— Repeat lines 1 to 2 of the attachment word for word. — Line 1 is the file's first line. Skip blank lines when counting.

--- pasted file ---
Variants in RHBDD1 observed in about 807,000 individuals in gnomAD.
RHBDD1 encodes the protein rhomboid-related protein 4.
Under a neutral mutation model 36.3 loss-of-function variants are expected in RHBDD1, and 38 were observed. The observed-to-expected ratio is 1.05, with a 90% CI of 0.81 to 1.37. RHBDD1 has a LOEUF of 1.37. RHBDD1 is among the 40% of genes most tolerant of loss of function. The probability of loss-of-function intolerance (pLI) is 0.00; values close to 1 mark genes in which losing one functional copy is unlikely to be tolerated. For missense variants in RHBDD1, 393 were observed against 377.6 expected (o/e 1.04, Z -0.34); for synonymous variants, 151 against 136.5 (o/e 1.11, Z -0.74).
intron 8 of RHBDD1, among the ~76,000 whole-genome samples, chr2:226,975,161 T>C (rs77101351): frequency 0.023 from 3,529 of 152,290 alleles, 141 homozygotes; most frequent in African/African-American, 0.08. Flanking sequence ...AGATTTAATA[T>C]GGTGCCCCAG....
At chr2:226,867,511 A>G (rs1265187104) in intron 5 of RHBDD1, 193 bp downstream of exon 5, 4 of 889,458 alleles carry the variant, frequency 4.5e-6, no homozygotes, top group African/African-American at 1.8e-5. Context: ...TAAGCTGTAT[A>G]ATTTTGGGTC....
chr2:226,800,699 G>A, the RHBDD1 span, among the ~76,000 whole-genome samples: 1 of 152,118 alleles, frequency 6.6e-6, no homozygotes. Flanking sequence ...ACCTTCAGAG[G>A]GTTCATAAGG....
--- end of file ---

Variants in RHBDD1 observed in about 807,000 individuals in gnomAD.
RHBDD1 encodes the protein rhomboid-related protein 4.